SUNDAY, 2 DECEMBER 2012: Qantas Flight QF44, a Boeing 737 with a capacity of up to 168 passengers is en route to land at Sydney Airport, but its had a pretty rough night so far.
10:59:01 PM: Landing gear down. Flaps extended. Commence final approach to land at Sydney Airport. Time’s ticking, and you have 59 seconds to get on the ground before curfew hits, and nothing gets in or out again until 6:00 AM the next morning. Anthony Albanese MP (Federal Minister for Infrastructure and Transport) could grant you a time extension …but he wont. Think of the voters in his electorate of Grayndler. He has Greens preferences to worry about – and they don’t like planes.
Continue descent. Altitude… 1,089 feet. Just seconds away from landing. One problem – it’s 11:00:20 PM and air traffic control informs you that you *missed it by that much*. You’re in command, and you have 2 options. You could land anyway and risk a fine of up to $550,000. The company wont like that. You think better of it and you take the second option – power up engines 1 & 2 and climb. You fly right over Albo’s electoral back yard in Grayndler, and his Inner-West hipsters who are just settling in to watch WikiLeaks: War, Lies & Videotape on ABC2, feel the force of a Boeing 737 overflying their houses as it powers-up and climbs to altitude and diverts to Melbourne. Of course, it would have made more sense and less noise for QF44 to land, but Albo and the curfew are inflexible.
For those on board, it was the second time that night they had been to Melbourne, and it’s not even where their flight originated. QF44 departed Auckland, New Zealand at 6:30 PM for a scheduled landing in Sydney at 8:05 PM, although due to a storm just 40 KM away from Sydney Airport, Sydney was overloaded with planes in holding patterns, and diverted QF44 which then flew to Melbourne where it was on the ground 47 minutes for a ‘splash-and-dash’ fuel stop, and then headed North to Sydney, which is where our story commenced.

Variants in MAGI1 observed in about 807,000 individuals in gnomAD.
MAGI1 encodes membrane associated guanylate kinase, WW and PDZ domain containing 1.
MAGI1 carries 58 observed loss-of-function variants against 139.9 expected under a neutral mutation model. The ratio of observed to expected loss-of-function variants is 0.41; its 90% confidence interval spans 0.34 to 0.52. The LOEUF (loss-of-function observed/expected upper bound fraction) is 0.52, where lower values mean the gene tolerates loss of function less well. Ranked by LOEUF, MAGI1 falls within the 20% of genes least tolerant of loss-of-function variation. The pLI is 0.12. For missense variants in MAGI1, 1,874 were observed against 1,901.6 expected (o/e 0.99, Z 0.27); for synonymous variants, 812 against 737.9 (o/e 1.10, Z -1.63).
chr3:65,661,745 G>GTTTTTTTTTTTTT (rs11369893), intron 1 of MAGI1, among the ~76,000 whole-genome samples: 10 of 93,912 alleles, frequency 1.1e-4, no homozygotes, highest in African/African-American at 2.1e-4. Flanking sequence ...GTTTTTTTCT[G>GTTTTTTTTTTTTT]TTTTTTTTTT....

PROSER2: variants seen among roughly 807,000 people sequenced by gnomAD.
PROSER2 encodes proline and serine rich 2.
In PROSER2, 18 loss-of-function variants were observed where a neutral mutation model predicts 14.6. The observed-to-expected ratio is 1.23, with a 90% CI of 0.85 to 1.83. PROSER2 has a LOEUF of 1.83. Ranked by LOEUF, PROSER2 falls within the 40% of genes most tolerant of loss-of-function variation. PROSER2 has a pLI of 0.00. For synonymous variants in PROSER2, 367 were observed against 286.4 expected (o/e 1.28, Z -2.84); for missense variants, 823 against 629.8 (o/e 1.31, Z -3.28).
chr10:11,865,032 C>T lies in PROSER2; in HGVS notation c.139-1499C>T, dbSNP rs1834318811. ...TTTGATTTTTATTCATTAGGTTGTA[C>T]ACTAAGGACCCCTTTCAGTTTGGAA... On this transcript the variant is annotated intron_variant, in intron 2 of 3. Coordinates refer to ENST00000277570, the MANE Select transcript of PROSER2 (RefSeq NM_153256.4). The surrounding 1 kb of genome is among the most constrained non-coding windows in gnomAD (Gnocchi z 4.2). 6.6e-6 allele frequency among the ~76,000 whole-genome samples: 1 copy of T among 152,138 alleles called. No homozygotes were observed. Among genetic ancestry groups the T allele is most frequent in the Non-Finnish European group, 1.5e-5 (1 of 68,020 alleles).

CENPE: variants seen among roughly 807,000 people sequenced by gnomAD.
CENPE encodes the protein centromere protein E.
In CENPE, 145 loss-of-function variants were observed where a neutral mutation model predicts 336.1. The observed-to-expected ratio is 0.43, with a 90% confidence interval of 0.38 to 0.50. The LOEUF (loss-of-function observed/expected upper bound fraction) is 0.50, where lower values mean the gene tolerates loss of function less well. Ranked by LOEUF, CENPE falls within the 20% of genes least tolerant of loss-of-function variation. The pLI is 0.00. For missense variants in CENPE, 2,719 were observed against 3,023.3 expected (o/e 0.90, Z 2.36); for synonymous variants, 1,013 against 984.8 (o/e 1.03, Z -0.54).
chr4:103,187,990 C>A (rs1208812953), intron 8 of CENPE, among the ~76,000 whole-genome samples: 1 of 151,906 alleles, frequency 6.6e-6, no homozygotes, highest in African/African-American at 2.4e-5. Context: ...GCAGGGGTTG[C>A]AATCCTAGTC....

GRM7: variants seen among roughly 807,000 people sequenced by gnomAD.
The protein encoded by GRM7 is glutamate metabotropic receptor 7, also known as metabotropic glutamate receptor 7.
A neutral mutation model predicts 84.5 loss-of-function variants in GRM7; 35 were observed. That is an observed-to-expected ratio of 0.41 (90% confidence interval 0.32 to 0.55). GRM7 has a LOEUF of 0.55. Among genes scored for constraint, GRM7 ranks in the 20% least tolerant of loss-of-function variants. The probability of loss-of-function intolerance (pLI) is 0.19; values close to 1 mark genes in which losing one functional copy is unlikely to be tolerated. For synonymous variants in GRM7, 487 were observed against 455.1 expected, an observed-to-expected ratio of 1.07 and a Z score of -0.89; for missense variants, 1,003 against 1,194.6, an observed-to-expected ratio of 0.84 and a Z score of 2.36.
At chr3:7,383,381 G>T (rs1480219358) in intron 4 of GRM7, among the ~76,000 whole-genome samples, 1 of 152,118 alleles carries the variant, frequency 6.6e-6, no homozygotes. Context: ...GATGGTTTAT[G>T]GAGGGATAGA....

To say that this was inconvenient for all involved is an understatement. After another hour in the air, Qantas would have then had to find accommodation and transport for the passengers, and to then have them back to Melbourne Tullamarine Airport not too many hours later to then fly them to Sydney. Qantas would then have an aircraft and crew out of position, wasted tons of jet fuel, and probably delayed flights at the start of new day.
Earlier that Sunday, Anthony Albanese was out with Rob Oakeshotte announcing aviation funding for Port Macquarie, stating that it will deliver jobs – all while his regime is paralysing Sydney and shutting it down every night between 11:00 PM and 6:00 AM.
The QF44 incident is not a unique event. The Minister must report on his inflexibility, with the report littered with incidents, with another in the first few pages stating:
“Jetstar were able to source another aircraft and requested a dispensation to arrive at Sydney Airport no later than 11:01pm. There were 165 passengers and six crew members onboard.”
In another 2012 incident, an Emirates A380 with a full load of 550 passengers was delayed departing Sydney due to a thunderstorm, and requested special dispensation to take off shortly after curfew. Request denied. Emirates, stating it would be impossible to find accommodation for 550 passengers at such a late hour, decided to break curfew and take off anyway and risk a $550,000 fine.
Qatar airlines, ranked number 1 in the world, has ruled out flying to Sydney until it becomes a 24 hour operation. No long-haul airline wants their aircraft grounded for 7 hours, not earning revenue. Meanwhile, Melbourne and Perth will receive this economic activity, and Sydney misses out.
The Sydney curfew is a relic of the Howard Government which sought to appease aircraft noise campaigners after the construction of the third runway, in addition to caps on the number of aircraft movements per hour.
One thing Sydney could never be accused of being is the city that never sleeps. Successive federal governments have been asleep on this issue and are afraid of NIMBY (Not In My Back Yard) residents who despite being exposed to less aircraft noise than ever through quiet engine technology, are a threat to governments. It’s time for Sydney to join the rank of international cities and have a 24 hour functioning airport.